Save Me the Plums (Reichl) - Discussion Questions

Discussion Questions
We'll add publisher questions if and when they're available; in the meantime, use our LitLovers talking points to help start a discussion for SAVE ME THE PLUMS … then take off on your own:

1. What made Ruth Reichl's decision to accept the position of editor-in-chief of her favorite magazine a difficult choice: why was she hesitant to take the job? Why did she end up accepting it?

2. How would you describe the inside world of Conde Naste? Talk, for instance, about the perks of Reichl's job— the country club memberships, hairdressers, and much more. Does it all seem outlandish or just down right wonderful, even enviable?

3. How did Reichl manage to juggle the ever-difficult job of being a working mother? What do you make of her comment that "Children… need you around even if they ignore you. In fact, they need you around so they can ignore you"?

4. There is a good deal of humor in Reichl's memoir. Which episodes delighted you most? Ann Patchett's turtle … or David Foster Wallace's lobster festival? Point to some other incidents you found particularly funny or rich.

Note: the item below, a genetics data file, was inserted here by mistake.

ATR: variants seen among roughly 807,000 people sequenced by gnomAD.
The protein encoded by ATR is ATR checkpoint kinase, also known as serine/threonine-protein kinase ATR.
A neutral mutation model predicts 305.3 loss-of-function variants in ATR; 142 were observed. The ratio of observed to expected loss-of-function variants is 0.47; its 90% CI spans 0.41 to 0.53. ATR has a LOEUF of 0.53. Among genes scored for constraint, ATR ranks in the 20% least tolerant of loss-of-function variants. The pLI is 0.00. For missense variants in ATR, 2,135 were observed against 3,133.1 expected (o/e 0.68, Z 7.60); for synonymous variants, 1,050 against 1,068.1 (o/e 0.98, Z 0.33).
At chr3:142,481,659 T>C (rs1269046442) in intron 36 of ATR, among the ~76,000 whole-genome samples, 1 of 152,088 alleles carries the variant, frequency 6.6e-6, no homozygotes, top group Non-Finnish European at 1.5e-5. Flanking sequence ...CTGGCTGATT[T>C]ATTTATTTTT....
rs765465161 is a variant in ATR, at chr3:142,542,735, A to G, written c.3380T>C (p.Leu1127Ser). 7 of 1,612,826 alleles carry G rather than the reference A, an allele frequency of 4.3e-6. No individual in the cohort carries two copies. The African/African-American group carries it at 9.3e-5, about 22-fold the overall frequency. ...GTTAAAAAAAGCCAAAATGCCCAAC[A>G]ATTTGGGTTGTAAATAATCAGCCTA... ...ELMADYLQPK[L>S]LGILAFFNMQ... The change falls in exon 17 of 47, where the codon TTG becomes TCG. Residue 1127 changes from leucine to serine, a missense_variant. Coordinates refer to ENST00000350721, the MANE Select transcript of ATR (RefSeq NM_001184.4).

5. And the food? Which of the many descriptions made your mouth water?

6. At a book signing, Reichl was confronted by a chef who was fired from his job after her restaurant review talked about his "Mushy sole. Cottonly bread." He was unable to find work ever since, he told her. What do you think about the power a single restaurant critic can wield over the lives of people in the food industry? Fair? Unfair?

7. Talk about the ways that Reichl was able to reinvent Gourmet magazine, all the revisions she made in terms of hiring and firing staff, as well as stylistic changes like reinventing Gourmet's covers. What did you find most impressive about her vision and her management style?

8. After an incident while ordering lunch in France at the onset of the 2008 recession, Reichl tells us, "The more stars in your intinerary, the less likely you are to find the real life of another country." What does she mean? How has she finally come to see the outsized perks of magazine life?

9. Talk about the end of Gourmet and, in Reichl's own words, her "terrible sense of failure." What brought about the magazine's closure?

(Questions by LitLovers. Please feel free to use them, online and off, with attribution. Thanks.)

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